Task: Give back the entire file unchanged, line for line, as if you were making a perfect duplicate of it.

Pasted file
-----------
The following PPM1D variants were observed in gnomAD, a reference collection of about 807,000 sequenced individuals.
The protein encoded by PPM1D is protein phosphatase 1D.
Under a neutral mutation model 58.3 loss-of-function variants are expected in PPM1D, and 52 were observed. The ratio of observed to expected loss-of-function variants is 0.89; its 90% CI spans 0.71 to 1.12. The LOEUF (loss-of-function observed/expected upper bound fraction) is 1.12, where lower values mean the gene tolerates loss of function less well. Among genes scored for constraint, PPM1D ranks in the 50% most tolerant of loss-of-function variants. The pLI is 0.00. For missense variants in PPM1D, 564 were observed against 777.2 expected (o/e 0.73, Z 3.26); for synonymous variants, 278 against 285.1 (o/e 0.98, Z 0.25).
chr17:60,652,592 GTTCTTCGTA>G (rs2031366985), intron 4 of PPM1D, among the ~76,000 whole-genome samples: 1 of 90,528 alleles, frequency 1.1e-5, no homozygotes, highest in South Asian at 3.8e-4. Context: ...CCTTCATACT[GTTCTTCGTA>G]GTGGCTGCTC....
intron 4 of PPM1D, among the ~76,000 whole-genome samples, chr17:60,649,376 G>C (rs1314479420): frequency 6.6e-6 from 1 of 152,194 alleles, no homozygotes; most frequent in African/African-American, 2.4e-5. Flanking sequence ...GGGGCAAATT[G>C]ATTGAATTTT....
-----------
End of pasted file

The following PPM1D variants were observed in gnomAD, a reference collection of about 807,000 sequenced individuals.
The protein encoded by PPM1D is protein phosphatase 1D.
Under a neutral mutation model 58.3 loss-of-function variants are expected in PPM1D, and 52 were observed. The ratio of observed to expected loss-of-function variants is 0.89; its 90% CI spans 0.71 to 1.12. The LOEUF (loss-of-function observed/expected upper bound fraction) is 1.12, where lower values mean the gene tolerates loss of function less well. Among genes scored for constraint, PPM1D ranks in the 50% most tolerant of loss-of-function variants. The pLI is 0.00. For missense variants in PPM1D, 564 were observed against 777.2 expected (o/e 0.73, Z 3.26); for synonymous variants, 278 against 285.1 (o/e 0.98, Z 0.25).
chr17:60,652,592 GTTCTTCGTA>G (rs2031366985), intron 4 of PPM1D, among the ~76,000 whole-genome samples: 1 of 90,528 alleles, frequency 1.1e-5, no homozygotes, highest in South Asian at 3.8e-4. Context: ...CCTTCATACT[GTTCTTCGTA>G]GTGGCTGCTC....
intron 4 of PPM1D, among the ~76,000 whole-genome samples, chr17:60,649,376 G>C (rs1314479420): frequency 6.6e-6 from 1 of 152,194 alleles, no homozygotes; most frequent in African/African-American, 2.4e-5. Flanking sequence ...GGGGCAAATT[G>C]ATTGAATTTT....